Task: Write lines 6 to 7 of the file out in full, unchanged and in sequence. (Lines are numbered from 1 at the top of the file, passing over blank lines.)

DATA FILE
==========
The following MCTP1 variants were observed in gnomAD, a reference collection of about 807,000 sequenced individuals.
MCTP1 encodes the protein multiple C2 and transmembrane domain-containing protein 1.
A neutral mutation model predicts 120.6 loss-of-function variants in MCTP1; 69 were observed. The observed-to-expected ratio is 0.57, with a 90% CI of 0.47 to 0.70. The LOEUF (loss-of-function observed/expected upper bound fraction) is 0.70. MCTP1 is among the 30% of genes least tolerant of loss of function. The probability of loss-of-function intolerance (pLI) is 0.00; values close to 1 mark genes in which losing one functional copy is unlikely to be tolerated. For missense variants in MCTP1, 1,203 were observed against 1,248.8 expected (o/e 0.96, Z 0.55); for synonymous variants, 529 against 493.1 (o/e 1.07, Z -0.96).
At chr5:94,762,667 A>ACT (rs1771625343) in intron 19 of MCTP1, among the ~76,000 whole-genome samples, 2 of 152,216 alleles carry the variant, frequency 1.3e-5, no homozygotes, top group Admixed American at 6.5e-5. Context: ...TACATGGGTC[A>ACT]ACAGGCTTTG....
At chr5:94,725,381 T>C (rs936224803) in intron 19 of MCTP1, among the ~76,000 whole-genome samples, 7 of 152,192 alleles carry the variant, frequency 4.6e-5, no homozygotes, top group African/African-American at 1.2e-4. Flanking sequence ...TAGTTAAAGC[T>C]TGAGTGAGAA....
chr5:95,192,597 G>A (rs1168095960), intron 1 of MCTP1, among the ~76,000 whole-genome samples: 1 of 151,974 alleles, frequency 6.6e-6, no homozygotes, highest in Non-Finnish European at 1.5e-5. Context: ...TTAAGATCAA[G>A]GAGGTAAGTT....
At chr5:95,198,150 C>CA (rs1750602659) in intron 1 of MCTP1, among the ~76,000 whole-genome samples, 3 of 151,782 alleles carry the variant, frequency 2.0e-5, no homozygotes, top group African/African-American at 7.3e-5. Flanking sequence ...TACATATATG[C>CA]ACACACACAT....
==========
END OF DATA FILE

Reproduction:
chr5:95,192,597 G>A (rs1168095960), intron 1 of MCTP1, among the ~76,000 whole-genome samples: 1 of 151,974 alleles, frequency 6.6e-6, no homozygotes, highest in Non-Finnish European at 1.5e-5. Context: ...TTAAGATCAA[G>A]GAGGTAAGTT....
At chr5:95,198,150 C>CA (rs1750602659) in intron 1 of MCTP1, among the ~76,000 whole-genome samples, 3 of 151,782 alleles carry the variant, frequency 2.0e-5, no homozygotes, top group African/African-American at 7.3e-5. Flanking sequence ...TACATATATG[C>CA]ACACACACAT....